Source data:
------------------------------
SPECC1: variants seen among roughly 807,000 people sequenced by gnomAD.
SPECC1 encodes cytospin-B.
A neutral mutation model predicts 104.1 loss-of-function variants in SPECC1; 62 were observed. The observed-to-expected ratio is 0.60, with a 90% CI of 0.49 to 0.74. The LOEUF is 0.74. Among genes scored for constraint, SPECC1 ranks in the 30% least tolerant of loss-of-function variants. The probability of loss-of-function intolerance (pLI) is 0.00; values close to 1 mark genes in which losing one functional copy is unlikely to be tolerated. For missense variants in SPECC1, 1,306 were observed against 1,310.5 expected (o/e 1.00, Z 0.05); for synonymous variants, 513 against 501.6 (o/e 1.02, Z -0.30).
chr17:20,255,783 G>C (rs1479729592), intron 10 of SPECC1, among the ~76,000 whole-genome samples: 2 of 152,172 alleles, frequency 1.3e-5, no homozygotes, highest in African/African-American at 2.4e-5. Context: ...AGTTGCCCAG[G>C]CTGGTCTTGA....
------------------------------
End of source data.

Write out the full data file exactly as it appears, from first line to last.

SPECC1: variants seen among roughly 807,000 people sequenced by gnomAD.
SPECC1 encodes cytospin-B.
A neutral mutation model predicts 104.1 loss-of-function variants in SPECC1; 62 were observed. The observed-to-expected ratio is 0.60, with a 90% CI of 0.49 to 0.74. The LOEUF is 0.74. Among genes scored for constraint, SPECC1 ranks in the 30% least tolerant of loss-of-function variants. The probability of loss-of-function intolerance (pLI) is 0.00; values close to 1 mark genes in which losing one functional copy is unlikely to be tolerated. For missense variants in SPECC1, 1,306 were observed against 1,310.5 expected (o/e 1.00, Z 0.05); for synonymous variants, 513 against 501.6 (o/e 1.02, Z -0.30).
chr17:20,255,783 G>C (rs1479729592), intron 10 of SPECC1, among the ~76,000 whole-genome samples: 2 of 152,172 alleles, frequency 1.3e-5, no homozygotes, highest in African/African-American at 2.4e-5. Context: ...AGTTGCCCAG[G>C]CTGGTCTTGA....